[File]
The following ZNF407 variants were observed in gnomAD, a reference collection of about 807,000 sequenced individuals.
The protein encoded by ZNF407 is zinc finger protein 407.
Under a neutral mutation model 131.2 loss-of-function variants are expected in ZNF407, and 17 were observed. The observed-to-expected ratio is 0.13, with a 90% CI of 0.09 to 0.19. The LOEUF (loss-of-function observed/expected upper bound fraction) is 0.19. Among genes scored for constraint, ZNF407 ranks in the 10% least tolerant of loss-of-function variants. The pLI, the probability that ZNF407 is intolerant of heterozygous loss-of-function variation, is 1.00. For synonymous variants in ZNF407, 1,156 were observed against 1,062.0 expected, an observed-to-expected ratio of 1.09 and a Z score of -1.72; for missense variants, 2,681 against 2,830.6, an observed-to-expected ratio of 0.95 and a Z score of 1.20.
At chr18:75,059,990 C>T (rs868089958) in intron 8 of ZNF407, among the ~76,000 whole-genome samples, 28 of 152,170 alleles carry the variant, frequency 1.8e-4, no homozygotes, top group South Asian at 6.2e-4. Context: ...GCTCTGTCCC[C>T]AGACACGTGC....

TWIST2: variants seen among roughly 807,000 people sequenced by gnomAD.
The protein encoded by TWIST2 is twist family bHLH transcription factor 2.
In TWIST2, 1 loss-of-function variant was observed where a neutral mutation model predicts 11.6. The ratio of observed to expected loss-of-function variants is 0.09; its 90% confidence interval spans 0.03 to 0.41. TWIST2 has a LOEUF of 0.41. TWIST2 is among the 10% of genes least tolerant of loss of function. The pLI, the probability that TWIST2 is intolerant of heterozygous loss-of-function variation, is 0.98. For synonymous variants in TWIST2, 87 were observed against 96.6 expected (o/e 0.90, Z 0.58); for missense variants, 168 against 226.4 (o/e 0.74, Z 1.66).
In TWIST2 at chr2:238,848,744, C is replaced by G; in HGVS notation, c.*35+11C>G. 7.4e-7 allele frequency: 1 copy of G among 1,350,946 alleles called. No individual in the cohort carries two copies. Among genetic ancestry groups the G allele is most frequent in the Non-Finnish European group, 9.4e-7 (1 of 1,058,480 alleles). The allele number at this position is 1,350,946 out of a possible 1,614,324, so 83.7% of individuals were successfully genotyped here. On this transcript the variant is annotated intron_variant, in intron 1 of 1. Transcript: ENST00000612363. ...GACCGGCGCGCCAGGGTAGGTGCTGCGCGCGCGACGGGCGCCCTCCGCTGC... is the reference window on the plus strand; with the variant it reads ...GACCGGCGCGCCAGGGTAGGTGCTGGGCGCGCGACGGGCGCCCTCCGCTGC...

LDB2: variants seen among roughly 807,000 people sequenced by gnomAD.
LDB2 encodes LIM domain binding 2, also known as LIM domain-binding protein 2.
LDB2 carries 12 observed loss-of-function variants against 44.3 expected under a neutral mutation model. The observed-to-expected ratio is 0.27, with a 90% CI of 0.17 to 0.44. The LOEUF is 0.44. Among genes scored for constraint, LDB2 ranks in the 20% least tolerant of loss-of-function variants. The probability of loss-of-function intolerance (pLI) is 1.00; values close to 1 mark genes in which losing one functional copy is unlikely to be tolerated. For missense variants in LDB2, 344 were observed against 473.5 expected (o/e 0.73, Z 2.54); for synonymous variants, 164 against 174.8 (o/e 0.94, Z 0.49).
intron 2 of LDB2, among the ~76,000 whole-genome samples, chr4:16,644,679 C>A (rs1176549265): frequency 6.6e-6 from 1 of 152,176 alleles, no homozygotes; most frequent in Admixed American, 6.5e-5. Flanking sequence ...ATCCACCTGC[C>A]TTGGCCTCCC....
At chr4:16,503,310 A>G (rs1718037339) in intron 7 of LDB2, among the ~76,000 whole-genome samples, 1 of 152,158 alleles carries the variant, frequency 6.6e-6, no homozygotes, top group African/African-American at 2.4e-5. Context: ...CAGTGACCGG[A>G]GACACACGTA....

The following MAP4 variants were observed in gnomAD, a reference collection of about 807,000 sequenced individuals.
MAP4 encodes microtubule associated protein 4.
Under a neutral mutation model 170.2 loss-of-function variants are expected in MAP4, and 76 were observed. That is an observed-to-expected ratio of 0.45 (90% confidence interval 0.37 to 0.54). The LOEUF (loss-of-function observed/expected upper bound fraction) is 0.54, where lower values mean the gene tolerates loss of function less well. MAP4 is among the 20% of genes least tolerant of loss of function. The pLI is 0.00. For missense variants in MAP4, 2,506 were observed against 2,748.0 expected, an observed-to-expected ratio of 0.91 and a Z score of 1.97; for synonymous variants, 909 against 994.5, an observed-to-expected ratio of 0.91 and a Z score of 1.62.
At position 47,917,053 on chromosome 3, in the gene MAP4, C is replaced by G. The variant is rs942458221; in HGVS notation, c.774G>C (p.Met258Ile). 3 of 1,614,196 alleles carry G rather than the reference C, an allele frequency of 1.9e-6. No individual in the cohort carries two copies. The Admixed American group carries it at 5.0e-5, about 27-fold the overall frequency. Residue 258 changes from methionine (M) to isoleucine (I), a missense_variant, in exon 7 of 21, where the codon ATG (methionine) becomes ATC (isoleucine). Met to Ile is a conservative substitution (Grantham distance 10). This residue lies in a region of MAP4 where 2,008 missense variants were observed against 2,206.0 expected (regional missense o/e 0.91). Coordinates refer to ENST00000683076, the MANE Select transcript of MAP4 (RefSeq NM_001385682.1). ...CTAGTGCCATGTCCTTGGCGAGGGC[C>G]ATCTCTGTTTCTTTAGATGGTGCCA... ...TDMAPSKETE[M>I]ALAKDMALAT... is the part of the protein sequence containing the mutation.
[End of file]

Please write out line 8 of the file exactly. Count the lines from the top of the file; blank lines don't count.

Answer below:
In TWIST2 at chr2:238,848,744, C is replaced by G; in HGVS notation, c.*35+11C>G. 7.4e-7 allele frequency: 1 copy of G among 1,350,946 alleles called. No individual in the cohort carries two copies. Among genetic ancestry groups the G allele is most frequent in the Non-Finnish European group, 9.4e-7 (1 of 1,058,480 alleles). The allele number at this position is 1,350,946 out of a possible 1,614,324, so 83.7% of individuals were successfully genotyped here. On this transcript the variant is annotated intron_variant, in intron 1 of 1. Transcript: ENST00000612363. ...GACCGGCGCGCCAGGGTAGGTGCTGCGCGCGCGACGGGCGCCCTCCGCTGC... is the reference window on the plus strand; with the variant it reads ...GACCGGCGCGCCAGGGTAGGTGCTGGGCGCGCGACGGGCGCCCTCCGCTGC...